Since gaining independence from France in 1960, the Central African Republic (CAR) has struggled to provide safety and security for its people. Over the last five decades, the country’s political history has been punctuated by military rule and coups d’état and characterized by weak state authority, internal ethnic tensions, and frequent armed insurgencies, including operations by the Lord’s Resistance Army in its eastern provinces.
The Current Crisis
The current crisis began when a group of predominantly Muslim rebel movements banded together in a loose alliance known as Séléka to oppose the regime of then-President François Bozizé. These militia committed atrocities against civilians as they marched on the capital, Bangui, in March 2013, and they continued after seizing power. Largely Christian self-defense forces, known as the Anti-Balaka, opposed the Séléka and began targeting Muslim civilians, carrying out reprisal attacks on civilians after the Séléka was removed from power.
Whereas religious tensions had not previously been a source of division in CAR, the cycles of revenge attacks have created deep divisions within the population, providing the fault lines for ongoing violence.
The fighting has resulted in a massive humanitarian crisis in this country of 4.6 million people. The destruction of CAR’s infrastructure, including schools, medical facilities, and entire villages, during the Séléka advance and in the subsequent violence has severely limited civilians’ access to the basic necessities of food, water, and shelter. More than two million civilians are now in need of emergency assistance. The United Nations has designated CAR a level-3 humanitarian crisis—the highest level for an emergency.
While the level of violence has dropped from its peak, there is still insecurity across the country and sporadic targeted killing of civilians. As a result of these conditions, there is a de facto division of CAR into Christian and Muslim segments. Small enclaves within each have taken refuge in neighborhoods, mosques, and churches, and they remain at high risk. There is also the threat of fresh cycles of violence being triggered by the return of those who have been displaced.
Millions of Civilians at Risk
State institutions have largely collapsed as officials have fled and the country’s infrastructure has been pillaged. Security forces also collapsed during the conflict, and international forces are only able to fill part of the need. Hospitals and schools are essentially nonfunctional as a result of looting and insecurity, setting the stage for health crises and education impacts well into the future. And to make matters worse, the violence has disrupted the ability to plant, cultivate, and harvest crops; according to the UN, some 1.6 million people face severe food shortages.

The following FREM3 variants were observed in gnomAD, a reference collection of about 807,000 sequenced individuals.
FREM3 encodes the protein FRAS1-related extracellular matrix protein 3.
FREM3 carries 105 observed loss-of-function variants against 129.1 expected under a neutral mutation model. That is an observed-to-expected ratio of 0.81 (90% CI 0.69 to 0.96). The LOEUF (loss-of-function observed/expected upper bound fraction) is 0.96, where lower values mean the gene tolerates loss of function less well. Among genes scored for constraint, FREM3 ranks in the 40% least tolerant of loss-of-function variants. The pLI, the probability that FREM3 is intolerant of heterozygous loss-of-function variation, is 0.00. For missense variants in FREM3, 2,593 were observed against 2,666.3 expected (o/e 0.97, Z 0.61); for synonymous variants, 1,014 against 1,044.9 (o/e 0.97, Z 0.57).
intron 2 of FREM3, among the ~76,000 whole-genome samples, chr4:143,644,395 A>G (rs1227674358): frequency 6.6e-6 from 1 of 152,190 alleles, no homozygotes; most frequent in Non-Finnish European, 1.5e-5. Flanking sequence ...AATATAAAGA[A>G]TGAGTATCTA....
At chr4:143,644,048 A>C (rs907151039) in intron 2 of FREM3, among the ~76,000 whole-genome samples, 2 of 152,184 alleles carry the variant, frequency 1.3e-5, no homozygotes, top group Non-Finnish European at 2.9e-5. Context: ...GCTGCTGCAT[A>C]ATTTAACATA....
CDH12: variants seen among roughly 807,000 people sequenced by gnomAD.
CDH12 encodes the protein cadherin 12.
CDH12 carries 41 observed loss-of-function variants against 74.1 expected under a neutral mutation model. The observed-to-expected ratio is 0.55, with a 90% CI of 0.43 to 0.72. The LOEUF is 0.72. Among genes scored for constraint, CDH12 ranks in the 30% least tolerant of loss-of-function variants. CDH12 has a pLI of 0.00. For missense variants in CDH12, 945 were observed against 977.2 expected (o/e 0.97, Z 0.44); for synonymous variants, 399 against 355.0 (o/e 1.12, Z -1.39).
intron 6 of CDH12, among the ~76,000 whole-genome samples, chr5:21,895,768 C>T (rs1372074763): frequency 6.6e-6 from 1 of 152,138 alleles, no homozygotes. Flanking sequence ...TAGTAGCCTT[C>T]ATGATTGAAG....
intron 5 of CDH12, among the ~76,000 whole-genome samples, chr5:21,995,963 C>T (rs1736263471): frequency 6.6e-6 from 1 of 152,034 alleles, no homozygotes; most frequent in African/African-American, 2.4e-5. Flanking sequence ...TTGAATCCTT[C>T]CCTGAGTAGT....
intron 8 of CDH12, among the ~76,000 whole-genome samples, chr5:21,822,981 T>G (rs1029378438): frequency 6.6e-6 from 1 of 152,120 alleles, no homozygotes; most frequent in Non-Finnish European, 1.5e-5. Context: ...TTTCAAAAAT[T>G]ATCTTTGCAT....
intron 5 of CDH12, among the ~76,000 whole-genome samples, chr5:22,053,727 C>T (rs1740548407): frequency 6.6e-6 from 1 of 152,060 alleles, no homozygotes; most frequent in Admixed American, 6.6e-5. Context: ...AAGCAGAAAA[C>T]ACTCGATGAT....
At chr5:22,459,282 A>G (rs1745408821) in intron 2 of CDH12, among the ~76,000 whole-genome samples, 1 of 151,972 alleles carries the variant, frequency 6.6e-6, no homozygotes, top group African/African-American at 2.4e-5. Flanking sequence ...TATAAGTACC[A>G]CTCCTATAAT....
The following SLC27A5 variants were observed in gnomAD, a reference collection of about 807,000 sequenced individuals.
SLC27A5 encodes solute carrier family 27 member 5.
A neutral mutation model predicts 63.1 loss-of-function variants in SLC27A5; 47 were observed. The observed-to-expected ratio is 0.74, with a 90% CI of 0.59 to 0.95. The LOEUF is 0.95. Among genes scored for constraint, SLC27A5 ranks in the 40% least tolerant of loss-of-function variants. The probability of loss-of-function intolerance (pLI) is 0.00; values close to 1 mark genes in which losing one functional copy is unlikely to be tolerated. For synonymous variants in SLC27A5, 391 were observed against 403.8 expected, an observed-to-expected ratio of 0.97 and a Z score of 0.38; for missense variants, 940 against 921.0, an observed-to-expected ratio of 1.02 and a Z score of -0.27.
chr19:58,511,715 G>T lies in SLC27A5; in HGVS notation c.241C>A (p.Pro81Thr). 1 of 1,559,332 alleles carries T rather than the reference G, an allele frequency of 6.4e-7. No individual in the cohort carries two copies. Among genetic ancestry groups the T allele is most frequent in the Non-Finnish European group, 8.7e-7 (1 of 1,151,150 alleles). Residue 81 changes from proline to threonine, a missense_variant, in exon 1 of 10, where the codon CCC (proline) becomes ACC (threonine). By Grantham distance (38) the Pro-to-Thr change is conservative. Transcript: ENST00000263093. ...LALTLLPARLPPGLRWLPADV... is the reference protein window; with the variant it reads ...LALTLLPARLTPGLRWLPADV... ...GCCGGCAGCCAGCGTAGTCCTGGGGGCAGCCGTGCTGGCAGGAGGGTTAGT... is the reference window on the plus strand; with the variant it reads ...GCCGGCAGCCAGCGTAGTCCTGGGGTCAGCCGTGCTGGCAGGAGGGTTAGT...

Although it is difficult to verify the number of civilian casualties during the conflict, reports indicate that a round of killings in Bangui in early December 2013 left between 500 and 1,000 people dead in just two days. The UN estimates that more than 400,000 civilians are internally displaced and another 400,000 are living in neighboring countries, with most in the Democratic Republic of the Congo, Cameroon, and Chad.
There has been near-complete impunity within CAR for crimes committed in Bangui and outside of the capital due to the lack of a police and security presence, limited functioning of the judicial system, and threats against judges and prosecutors. In September 2014 the International Criminal Court opened an investigation into crimes committed in CAR since 2012.
CAR is located in a volatile part of the continent, and there is potential for the crisis to seep beyond its porous borders. The presence of the Lord’s Resistance Army in the country’s east is an ongoing concern, as is the impact of armed actors moving around the region, including in neighboring Democratic Republic of the Congo, Sudan, and South Sudan. A growing number of child soldiers are being drawn into the conflict, with reports of as many as 3,500 among the former Séléka fighters and with others joining self-defense militias. In addition, large influxes of refugees could threaten the relative stability of Cameroon and Chad.
The international community is taking action to help resolve the conflict and provide humanitarian assistance, but more sustained engagement is needed to prevent even further disaster.
Read The Obama Administration and the Struggles to Prevent Atrocities in the Central Africa Republic (PDF), a lessons-learned study on the US government's response to the mass atrocity crisis in CAR, by Leonard and Sophie Davis Genocide Prevention Fellow Charlie Brown.